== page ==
TotalEnergies Marine Fuels is exploring the possibility of setting up LNG bunkering on the US West Coast, the Vice President of TotalEnergies Marine Fuels, Louise Tricoire, tells Bunkerspot.
‘There is business coming in LA/Long Beach; there is a demand from our customers,’ Tricoire said, speaking on the sidelines of the recent LNG Bunkering & Future Fuel Global Summit 2023 in Amsterdam.
‘Besides, in TotalEnergies, we have a global LNG portfolio that can supply the molecules, including existing and future flows in North America.
‘That means that there is a demand from the customers and there is supply from TotalEnergies.
‘In terms of bunkering infrastructure, we will need an LNG bunker vessel. It’s part of our development plan under consideration.’
Tricoire was appointed Vice President, TotalEnergies Marine Fuels, in September 2022, succeeding Jérôme Leprince-Ringuet. At the time, the wider energy industry – and particularly the gas sector – was experiencing severe volatility. Tricoire said the period underlined the importance of cross-sector collaboration. As previously reported, TotalEnergies signed two agreements covering the supply of around 600,000 tonnes of LNG a year for 10 years with CMA CGM, starting in 2020.
‘Volumes offtake continued in Rotterdam and in Marseille, which was really positive in this environment. I think we were less impacted than our peers if you look at all the volumes that we have analysed in the market – we performed pretty well.’
In April this year, TotalEnergies also announced the completion of the first LNG bunkering operation at the Port of Marseille Fos for MSC Cruises’ MSC World Europa. The operation marked the start of the LNG bunker supply contract between TotalEnergies and the Cruise Division of MSC Group that was announced in March 2021. Under the agreement, TotalEnergies will supply approximately 45,000 tonnes a year of LNG to MSC Cruises’ vessels at Marseille.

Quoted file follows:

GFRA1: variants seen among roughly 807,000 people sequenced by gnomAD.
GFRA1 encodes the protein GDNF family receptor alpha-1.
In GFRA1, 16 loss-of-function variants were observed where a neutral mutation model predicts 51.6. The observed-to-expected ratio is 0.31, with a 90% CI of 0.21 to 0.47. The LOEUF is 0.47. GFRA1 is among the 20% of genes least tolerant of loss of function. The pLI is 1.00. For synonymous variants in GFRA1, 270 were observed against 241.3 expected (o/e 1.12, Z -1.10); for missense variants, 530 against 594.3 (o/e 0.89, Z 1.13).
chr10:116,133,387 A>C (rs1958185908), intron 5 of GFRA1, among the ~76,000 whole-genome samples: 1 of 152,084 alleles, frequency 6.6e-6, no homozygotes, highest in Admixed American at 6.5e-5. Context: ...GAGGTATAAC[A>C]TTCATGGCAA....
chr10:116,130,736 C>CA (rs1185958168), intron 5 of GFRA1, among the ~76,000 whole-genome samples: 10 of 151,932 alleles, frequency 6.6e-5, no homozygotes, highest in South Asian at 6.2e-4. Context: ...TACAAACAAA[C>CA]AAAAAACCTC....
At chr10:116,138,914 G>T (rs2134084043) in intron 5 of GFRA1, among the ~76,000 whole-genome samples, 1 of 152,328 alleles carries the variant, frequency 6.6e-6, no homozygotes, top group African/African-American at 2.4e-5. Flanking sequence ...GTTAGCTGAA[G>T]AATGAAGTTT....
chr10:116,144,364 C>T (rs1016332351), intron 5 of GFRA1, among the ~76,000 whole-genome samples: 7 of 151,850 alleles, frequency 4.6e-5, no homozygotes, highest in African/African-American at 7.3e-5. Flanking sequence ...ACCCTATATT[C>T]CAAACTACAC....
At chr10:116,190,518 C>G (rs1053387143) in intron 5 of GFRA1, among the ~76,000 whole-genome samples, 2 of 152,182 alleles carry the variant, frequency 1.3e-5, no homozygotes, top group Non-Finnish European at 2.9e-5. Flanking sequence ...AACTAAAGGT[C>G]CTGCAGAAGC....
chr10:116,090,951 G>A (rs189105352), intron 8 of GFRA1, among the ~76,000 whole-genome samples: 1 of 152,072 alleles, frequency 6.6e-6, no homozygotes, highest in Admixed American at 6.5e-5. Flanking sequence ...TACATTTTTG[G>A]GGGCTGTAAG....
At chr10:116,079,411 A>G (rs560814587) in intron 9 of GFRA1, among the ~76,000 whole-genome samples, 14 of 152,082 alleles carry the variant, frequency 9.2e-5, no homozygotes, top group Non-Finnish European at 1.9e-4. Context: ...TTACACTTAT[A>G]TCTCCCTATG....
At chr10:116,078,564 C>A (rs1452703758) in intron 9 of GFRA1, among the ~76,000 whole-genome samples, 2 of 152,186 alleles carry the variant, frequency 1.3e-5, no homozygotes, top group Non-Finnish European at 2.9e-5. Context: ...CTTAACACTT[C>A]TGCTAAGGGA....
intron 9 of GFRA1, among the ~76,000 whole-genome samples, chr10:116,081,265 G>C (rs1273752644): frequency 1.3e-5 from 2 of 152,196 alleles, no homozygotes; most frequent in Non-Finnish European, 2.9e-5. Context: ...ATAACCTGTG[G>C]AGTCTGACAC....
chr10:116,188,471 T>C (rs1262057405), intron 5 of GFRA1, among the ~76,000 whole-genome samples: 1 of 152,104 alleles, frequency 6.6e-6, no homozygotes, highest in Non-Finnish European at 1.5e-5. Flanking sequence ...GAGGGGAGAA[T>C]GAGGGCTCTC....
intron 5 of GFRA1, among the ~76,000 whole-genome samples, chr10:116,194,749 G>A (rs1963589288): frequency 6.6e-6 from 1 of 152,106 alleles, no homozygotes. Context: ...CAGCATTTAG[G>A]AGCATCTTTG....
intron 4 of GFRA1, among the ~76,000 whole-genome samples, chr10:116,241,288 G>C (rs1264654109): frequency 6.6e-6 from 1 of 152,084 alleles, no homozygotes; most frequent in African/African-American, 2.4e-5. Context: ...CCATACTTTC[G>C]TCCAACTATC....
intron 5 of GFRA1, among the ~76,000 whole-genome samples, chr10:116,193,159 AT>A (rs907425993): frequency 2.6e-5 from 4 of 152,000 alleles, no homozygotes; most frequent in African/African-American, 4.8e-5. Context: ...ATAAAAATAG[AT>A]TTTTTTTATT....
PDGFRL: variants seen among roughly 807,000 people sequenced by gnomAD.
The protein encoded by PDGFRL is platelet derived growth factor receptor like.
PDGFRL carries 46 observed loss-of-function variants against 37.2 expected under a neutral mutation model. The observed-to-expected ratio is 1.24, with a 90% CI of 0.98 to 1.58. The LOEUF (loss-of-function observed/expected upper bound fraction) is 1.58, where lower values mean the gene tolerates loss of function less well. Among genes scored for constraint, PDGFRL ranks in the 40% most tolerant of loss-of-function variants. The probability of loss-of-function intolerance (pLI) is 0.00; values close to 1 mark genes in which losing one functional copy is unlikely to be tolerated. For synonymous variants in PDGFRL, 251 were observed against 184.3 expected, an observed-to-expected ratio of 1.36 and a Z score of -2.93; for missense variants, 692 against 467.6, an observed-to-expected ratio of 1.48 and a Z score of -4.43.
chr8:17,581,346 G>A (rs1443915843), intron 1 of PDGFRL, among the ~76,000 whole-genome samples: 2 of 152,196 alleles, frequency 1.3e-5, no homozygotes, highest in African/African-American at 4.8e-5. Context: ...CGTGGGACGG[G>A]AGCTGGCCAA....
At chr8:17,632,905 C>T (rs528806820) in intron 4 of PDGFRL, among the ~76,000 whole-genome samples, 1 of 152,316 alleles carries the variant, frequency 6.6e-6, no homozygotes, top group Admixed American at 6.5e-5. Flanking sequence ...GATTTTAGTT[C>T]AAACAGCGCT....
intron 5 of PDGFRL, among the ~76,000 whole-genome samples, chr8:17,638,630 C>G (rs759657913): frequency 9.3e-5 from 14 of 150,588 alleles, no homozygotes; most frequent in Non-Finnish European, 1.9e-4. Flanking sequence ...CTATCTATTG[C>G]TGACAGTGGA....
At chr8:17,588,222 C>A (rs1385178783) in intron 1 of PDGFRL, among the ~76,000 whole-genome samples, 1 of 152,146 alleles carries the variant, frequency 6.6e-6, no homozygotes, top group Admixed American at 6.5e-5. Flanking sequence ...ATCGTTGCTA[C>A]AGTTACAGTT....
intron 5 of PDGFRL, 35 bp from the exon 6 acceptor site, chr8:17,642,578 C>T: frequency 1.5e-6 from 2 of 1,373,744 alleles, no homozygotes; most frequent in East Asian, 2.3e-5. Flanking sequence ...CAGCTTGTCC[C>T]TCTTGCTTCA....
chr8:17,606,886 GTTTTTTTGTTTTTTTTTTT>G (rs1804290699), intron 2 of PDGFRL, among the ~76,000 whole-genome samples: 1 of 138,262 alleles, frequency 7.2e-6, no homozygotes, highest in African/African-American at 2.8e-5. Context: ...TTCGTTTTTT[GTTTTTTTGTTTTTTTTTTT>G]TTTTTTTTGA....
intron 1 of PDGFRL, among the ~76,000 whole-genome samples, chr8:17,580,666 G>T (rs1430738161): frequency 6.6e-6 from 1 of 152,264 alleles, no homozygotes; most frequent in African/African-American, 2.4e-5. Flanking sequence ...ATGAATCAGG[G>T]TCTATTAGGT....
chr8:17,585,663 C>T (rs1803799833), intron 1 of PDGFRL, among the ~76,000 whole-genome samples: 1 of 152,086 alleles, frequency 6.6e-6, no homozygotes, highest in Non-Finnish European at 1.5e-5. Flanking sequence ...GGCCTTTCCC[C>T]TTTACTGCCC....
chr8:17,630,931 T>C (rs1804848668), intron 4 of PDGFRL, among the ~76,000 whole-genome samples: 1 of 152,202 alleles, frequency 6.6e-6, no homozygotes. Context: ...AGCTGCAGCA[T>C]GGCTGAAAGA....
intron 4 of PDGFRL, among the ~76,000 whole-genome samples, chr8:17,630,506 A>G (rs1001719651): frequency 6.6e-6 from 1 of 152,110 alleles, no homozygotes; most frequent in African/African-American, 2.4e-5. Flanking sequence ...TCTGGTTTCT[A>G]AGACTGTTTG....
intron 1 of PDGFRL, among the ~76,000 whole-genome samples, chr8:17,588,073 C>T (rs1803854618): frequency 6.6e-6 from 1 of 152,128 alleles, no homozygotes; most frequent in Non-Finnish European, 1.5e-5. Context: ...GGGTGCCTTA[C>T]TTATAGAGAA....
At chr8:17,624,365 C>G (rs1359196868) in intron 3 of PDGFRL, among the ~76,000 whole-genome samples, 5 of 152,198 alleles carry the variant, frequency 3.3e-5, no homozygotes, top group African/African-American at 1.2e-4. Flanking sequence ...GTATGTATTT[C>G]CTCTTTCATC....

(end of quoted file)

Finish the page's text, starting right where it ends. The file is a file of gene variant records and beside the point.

Amid high LNG prices last year, many operators of dual-fuel LNG vessels were opting to run on ‘conventional’ bunkers, such as very low sulphur fuel oil (VLSFO), but according to Tricoire, the LNG spot market is beginning to look like a more attractive option.
‘For the market, it is true there has not been a lot of LNG spot demand so far, but this is coming now that the price has come down.’
Another important focus for TotalEnergies Marine Fuels is marine biofuels. This year saw the start of its first biofuel term agreement in Singapore with Hapag-Lloyd. Does Tricoire detect a growing appetite for these kinds of bunkering contractual arrangements?
‘The demand is starting to grow in terms of longer-term contracts – for a quarter, for a semester or a year. We are being asked by customers to quote. There is, as well, competition growing in Singapore, as more players are coming into this field.’
There were 90 biofuel operations at the Port of Singapore in 2022 accounting for a total volume of 140,000 tonnes.
‘The volumes for the first quarter are already at the level of the volumes of the [whole of] last year. So, it’s growing and the MPA [Maritime and Port Authority of Singapore] is really supportive of it.’